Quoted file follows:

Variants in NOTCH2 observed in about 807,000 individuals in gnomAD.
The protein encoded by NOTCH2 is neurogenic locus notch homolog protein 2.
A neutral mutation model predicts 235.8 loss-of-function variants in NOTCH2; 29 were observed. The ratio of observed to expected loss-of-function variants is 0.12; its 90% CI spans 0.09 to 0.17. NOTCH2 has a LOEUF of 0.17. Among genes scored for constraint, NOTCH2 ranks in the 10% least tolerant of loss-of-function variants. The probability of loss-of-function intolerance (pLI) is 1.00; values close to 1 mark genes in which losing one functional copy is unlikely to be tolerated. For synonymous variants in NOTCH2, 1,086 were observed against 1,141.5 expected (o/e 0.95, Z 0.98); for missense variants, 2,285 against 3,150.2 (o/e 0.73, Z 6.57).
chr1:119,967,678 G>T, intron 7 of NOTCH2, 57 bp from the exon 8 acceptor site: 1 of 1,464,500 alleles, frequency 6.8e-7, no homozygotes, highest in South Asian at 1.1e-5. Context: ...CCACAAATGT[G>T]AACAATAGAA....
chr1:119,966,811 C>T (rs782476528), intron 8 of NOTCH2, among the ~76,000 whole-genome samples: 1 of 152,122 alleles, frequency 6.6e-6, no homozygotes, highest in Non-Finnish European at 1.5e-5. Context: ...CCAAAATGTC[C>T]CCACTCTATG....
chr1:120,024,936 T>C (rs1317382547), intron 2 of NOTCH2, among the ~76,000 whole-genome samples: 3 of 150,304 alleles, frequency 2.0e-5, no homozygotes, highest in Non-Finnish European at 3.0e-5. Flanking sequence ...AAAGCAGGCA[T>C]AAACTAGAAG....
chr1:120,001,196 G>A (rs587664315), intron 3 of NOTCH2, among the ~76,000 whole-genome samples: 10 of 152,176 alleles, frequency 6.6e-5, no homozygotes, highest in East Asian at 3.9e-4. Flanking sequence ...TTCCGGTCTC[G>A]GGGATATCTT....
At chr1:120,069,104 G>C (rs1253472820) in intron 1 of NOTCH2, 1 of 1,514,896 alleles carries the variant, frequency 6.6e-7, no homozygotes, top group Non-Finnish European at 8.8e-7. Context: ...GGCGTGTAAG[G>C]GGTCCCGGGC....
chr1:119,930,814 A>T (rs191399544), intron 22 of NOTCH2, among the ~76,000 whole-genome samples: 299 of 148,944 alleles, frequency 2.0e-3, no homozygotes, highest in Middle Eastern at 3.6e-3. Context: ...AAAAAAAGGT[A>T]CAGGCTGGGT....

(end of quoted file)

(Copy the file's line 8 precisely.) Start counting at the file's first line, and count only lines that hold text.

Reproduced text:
At chr1:120,069,104 G>C (rs1253472820) in intron 1 of NOTCH2, 1 of 1,514,896 alleles carries the variant, frequency 6.6e-7, no homozygotes, top group Non-Finnish European at 8.8e-7. Context: ...GGCGTGTAAG[G>C]GGTCCCGGGC....